Recent Blog Articles
Cutting and self-harm: Why it happens and what to do
Discrimination at work is linked to high blood pressure
Pouring from an empty cup? Three ways to refill emotionally
Give praise to the elbow: A bending, twisting marvel
Sneezy and dopey? Seasonal allergies and your brain
The FDA relaxes restrictions on blood donation
Apps to accelerometers: Can technology improve mental health in older adults?
Swimming and skin: What to know if a child has eczema
A muscle-building obsession in boys: What to know and do
Natural disasters strike everywhere: Ways to help protect your health
Mindfulness and your dog
Mindfulness has garnered tremendous interest over the past decade. Research suggests that mindfulness — the ability to live each moment as it unfolds and accept it without judgment — can help reduce stress and enhance health.
Perhaps one of the greatest psychological benefits of interacting with a dog is the opportunity it provides to be more mindful — to purposely focus your attention on the present moment.
Mindfulness is a component of many relaxation techniques, including yoga, deep breathing, tai chi, massage, reflexology, journaling, and prayer. You can also easily use the technique while walking with a dog. In fact, let your dog show you how. Notice how joyously present she is when out in the world: her head is up, her tail is wagging, and she's alert and taking it all in. She is open to new sights, smells, sounds, people, and animals. Each walk is an adventure.
- As you start your walk, take a moment to bring your attention to the sensations in your body.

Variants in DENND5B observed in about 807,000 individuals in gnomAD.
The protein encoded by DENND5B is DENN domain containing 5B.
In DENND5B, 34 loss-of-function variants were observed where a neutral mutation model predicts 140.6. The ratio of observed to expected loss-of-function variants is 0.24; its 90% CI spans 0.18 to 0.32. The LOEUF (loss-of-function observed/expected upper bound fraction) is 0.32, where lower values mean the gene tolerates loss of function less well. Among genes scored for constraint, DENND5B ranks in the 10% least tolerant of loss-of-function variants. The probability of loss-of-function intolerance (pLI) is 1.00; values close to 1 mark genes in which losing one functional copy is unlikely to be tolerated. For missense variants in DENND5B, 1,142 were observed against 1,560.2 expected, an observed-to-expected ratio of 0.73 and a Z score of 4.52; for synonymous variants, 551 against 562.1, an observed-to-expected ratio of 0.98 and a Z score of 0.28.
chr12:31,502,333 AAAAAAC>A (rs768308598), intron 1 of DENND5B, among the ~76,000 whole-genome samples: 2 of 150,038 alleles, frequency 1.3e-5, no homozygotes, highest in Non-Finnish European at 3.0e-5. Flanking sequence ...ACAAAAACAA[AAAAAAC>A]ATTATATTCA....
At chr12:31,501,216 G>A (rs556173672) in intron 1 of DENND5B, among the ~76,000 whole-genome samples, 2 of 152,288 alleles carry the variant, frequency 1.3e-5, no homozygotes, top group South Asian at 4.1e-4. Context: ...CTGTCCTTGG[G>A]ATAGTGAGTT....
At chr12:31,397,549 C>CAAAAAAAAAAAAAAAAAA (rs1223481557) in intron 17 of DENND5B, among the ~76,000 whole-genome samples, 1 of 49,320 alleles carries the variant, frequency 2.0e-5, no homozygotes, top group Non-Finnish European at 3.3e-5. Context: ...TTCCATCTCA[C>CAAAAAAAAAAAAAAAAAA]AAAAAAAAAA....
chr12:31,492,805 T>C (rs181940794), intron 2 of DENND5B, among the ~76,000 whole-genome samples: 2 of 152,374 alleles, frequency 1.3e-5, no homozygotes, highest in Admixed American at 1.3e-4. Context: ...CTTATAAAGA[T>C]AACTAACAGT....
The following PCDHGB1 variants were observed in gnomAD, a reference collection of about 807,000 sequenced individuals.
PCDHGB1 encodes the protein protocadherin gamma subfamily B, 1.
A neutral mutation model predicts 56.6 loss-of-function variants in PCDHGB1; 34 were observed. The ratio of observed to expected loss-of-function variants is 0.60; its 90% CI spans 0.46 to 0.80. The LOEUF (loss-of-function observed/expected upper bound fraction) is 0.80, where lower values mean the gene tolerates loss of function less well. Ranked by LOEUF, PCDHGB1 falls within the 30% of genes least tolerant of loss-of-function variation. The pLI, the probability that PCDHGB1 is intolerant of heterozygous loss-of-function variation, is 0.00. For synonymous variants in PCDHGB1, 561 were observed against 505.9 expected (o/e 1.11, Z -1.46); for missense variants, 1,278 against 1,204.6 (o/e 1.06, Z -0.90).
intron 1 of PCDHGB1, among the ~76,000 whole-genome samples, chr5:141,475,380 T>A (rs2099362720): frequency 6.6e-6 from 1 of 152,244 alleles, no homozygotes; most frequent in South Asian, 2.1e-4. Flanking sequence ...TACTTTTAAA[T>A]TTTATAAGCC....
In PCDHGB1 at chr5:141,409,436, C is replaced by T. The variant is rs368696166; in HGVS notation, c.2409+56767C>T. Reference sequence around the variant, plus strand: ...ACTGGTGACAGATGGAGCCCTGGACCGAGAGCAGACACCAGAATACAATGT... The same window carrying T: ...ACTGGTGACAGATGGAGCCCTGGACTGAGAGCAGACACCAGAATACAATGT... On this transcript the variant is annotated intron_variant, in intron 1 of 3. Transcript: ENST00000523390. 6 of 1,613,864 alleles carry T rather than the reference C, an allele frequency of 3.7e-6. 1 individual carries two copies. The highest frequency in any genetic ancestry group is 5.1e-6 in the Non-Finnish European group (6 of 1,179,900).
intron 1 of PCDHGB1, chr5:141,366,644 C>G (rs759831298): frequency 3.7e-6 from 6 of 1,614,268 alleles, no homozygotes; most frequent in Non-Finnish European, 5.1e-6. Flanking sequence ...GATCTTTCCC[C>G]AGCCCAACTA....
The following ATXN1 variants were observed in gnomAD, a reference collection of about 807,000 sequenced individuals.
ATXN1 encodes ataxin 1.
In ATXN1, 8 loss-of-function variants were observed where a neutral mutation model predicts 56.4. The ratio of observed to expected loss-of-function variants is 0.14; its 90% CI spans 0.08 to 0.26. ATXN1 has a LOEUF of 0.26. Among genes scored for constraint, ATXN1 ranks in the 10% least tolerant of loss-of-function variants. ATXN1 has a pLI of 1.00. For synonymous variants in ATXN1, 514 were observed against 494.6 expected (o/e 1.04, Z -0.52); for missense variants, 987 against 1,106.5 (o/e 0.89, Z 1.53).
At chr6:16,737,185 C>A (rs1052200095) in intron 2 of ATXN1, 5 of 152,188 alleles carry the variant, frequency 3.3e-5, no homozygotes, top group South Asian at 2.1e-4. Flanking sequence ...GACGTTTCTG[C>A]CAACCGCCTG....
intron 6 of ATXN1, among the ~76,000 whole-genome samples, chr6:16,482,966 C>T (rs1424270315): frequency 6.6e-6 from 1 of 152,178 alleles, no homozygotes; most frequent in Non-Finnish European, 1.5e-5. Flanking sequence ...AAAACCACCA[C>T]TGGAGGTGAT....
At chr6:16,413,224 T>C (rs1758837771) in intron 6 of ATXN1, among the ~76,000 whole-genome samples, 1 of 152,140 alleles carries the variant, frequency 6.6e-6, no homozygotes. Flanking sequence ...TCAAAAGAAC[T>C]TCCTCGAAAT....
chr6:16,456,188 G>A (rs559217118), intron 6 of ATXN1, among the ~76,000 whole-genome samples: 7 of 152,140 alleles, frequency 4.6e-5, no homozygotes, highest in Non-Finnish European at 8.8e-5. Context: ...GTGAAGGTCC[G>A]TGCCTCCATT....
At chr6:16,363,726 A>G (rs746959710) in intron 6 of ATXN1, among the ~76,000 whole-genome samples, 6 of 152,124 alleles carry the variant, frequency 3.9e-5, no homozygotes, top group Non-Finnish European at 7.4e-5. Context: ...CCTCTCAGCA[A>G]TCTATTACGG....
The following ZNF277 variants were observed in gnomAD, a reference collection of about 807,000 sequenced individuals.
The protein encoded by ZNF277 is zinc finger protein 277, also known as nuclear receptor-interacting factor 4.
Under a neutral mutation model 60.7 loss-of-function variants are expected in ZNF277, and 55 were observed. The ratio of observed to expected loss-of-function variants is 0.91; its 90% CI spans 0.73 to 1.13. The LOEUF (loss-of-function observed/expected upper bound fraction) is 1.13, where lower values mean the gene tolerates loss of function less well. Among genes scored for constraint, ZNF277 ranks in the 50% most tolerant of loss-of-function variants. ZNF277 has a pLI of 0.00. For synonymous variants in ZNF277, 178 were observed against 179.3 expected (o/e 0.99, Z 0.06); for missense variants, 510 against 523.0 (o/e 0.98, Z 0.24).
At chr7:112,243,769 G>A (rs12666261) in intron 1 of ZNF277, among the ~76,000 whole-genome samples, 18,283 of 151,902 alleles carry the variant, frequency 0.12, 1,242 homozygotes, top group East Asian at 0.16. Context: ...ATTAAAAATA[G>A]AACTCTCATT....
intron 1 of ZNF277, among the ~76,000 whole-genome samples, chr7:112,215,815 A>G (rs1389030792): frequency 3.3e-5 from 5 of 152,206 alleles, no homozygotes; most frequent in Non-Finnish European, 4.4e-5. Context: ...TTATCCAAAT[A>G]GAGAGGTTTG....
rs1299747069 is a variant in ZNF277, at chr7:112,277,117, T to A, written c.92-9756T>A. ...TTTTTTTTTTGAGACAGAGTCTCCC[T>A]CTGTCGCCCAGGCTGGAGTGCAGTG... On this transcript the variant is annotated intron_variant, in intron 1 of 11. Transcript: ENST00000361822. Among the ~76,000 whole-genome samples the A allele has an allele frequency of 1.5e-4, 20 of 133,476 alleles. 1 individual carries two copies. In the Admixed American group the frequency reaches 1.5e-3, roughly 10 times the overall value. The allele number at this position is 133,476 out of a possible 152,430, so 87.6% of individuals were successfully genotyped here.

- Breathe in through your nose. Let your abdomen expand fully. Then breathe out through your mouth. Notice the sensations of each inhalation and exhalation.
- As you continue to walk, engage your senses fully. Notice each sight, touch, and sound. Savor every sensation.
- When your mind wanders — and it undoubtedly will — gently bring your attention back to the moment, including your dog's delight at being with you and outdoors.
Mindfulness is a lifelong practice that can help you to better appreciate simple everyday experiences like being physically active with your dog. By learning to focus on the here and now, you may find yourself less likely to get caught up in worries or regrets.
To learn more about the health benefits of owning a dog, as well as raising and living with your canine family member, buy Get Healthy, Get a Dog, a Special Health Report from Harvard Medical School.
As a service to our readers, Harvard Health Publishing provides access to our library of archived content. Please note the date of last review or update on all articles.
No content on this site, regardless of date, should ever be used as a substitute for direct medical advice from your doctor or other qualified clinician.
Free Healthbeat Signup
Get the latest in health news delivered to your inbox!